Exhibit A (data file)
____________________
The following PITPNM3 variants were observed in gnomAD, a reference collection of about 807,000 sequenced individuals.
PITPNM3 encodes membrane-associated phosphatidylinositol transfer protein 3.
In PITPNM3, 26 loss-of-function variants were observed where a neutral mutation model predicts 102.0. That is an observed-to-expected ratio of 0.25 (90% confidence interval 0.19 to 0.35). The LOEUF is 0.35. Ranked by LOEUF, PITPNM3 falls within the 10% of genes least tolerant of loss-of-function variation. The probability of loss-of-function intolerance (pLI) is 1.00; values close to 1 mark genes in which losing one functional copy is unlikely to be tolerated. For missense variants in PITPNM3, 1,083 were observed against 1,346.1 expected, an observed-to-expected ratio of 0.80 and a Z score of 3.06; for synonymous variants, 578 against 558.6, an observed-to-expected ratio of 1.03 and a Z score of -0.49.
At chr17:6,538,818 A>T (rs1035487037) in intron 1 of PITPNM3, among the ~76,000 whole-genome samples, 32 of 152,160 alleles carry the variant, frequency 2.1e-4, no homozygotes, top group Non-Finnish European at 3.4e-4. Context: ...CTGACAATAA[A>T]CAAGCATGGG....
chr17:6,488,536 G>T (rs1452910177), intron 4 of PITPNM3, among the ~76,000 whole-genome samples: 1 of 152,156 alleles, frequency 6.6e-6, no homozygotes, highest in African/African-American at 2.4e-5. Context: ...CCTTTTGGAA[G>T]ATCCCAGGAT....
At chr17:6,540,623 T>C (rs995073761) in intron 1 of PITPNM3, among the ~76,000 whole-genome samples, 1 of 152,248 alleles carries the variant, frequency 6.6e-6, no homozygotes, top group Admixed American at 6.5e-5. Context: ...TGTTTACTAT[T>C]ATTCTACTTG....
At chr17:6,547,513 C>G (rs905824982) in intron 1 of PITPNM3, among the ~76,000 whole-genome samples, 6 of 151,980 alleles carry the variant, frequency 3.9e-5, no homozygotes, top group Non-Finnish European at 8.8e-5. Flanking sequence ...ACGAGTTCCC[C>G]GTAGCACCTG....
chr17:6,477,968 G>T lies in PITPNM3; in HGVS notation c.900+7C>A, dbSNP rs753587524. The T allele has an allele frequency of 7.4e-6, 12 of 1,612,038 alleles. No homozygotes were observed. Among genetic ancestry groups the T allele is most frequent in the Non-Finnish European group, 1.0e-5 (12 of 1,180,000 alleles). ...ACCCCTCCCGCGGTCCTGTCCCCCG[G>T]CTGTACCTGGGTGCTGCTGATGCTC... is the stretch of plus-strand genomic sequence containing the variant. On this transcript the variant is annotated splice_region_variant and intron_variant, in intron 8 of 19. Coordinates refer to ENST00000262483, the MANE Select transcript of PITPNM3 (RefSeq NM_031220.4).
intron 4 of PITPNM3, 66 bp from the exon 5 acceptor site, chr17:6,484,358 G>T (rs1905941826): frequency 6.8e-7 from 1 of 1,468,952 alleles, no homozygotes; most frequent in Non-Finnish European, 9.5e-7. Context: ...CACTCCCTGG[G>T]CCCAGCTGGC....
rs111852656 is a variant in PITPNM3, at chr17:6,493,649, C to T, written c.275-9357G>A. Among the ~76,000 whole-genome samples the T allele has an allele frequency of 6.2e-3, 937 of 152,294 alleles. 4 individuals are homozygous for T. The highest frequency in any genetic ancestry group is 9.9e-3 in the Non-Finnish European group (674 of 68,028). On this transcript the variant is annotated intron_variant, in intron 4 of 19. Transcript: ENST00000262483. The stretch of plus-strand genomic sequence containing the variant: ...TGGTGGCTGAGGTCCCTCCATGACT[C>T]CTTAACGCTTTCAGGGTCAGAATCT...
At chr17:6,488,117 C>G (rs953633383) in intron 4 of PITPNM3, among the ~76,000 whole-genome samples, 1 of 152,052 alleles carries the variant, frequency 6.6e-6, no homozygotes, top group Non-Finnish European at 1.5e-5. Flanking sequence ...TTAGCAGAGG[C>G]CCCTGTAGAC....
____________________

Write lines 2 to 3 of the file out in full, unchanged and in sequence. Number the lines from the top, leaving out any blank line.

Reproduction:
PITPNM3 encodes membrane-associated phosphatidylinositol transfer protein 3.
In PITPNM3, 26 loss-of-function variants were observed where a neutral mutation model predicts 102.0. That is an observed-to-expected ratio of 0.25 (90% confidence interval 0.19 to 0.35). The LOEUF is 0.35. Ranked by LOEUF, PITPNM3 falls within the 10% of genes least tolerant of loss-of-function variation. The probability of loss-of-function intolerance (pLI) is 1.00; values close to 1 mark genes in which losing one functional copy is unlikely to be tolerated. For missense variants in PITPNM3, 1,083 were observed against 1,346.1 expected, an observed-to-expected ratio of 0.80 and a Z score of 3.06; for synonymous variants, 578 against 558.6, an observed-to-expected ratio of 1.03 and a Z score of -0.49.